Chapter 12Space–Time Modelling of Insurgency and Counterinsurgency in Iraq

Alex Braithwaite and Shane Johnson

12.1 Introduction

The United States and its Coalition partners concluded combat operations in Iraq in August 2010. Rather surprisingly, little empirical evidence exists as to the factors that contributed to localized patterns of Improvised Explosive Device (IED) attacks. To compensate somewhat for this dearth in evidence, this chapter investigates an increasingly relevant yet understudied phenomenon in counterinsurgency (COIN) policy-making: the dilemma governments face in determining how best to balance the use of various coercive actions when attempting to minimize the threat posed by campaigns of violence carried out by non-state actors. This study is carried out by assessing the co-evolving space and time (hereafter, space–time) distributions of insurgency and counterinsurgency in Iraq in 2005. To do so, we employ a novel analytic technique that helps us to assess the sequential relationship between these two event types.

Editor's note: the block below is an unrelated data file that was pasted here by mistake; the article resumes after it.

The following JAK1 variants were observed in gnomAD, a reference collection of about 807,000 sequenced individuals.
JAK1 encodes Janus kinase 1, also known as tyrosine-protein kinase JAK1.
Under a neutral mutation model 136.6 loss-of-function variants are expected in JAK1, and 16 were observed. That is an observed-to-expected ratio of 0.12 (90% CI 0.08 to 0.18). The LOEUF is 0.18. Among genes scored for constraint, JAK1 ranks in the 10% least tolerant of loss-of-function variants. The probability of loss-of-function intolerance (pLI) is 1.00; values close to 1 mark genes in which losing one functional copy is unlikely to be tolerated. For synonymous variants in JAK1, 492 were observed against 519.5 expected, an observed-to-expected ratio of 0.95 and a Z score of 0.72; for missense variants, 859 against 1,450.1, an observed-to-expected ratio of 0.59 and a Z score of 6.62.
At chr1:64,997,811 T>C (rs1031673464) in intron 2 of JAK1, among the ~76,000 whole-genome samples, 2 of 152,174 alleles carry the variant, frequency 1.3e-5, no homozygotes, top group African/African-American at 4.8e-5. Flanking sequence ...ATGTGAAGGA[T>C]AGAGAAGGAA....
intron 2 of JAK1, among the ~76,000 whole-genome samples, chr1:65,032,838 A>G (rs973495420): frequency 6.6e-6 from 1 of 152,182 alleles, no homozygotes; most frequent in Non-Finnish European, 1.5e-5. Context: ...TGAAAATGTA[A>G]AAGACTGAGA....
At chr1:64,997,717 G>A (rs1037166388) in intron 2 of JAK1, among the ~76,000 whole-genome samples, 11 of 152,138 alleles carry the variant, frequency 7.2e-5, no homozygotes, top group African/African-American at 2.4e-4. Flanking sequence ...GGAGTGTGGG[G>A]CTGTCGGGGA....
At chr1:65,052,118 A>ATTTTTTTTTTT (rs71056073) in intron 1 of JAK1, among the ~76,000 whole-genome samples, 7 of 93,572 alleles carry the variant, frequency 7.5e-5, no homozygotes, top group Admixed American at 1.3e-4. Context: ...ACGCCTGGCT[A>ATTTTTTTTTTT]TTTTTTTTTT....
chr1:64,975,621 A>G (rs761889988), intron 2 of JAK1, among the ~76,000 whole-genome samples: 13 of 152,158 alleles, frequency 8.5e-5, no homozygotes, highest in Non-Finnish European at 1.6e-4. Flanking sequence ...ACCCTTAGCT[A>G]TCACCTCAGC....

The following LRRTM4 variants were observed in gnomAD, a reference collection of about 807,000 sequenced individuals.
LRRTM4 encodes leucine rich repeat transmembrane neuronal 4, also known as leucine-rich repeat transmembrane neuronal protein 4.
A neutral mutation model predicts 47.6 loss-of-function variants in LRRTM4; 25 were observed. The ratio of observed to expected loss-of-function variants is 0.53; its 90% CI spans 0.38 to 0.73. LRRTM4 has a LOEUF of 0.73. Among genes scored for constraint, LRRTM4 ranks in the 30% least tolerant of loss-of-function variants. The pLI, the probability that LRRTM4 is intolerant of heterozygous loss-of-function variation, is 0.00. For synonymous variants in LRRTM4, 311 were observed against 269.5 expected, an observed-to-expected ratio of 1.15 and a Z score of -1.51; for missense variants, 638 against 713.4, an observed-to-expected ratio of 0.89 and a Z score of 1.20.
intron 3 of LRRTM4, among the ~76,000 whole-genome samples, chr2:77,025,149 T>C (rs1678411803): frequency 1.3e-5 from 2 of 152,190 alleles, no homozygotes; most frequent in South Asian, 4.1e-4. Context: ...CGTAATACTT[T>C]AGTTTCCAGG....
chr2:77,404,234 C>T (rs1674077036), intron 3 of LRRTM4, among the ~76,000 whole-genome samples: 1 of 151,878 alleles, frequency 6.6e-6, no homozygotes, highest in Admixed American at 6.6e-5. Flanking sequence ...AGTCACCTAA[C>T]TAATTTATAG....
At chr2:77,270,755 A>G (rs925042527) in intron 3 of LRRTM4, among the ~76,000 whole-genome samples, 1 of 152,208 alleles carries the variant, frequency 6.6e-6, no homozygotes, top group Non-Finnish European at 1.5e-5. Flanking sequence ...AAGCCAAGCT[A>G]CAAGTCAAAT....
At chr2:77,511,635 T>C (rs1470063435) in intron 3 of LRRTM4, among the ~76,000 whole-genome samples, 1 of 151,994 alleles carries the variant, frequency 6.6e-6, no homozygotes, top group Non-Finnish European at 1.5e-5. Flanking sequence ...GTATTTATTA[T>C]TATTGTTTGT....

Forty years have passed since the emergence of a modern wave of transnational terrorism and insurgency (Hoffman, 2006; Wilkinson, 2001) with the rise of hijackings of Israeli airliners by Palestinian organizations. Israel's preferred approach to countering the threat of Palestinian violence in the four decades since has been to retaliate with military strikes against terrorist cells, munitions stores and leadership hideouts. Israel has commonly ...

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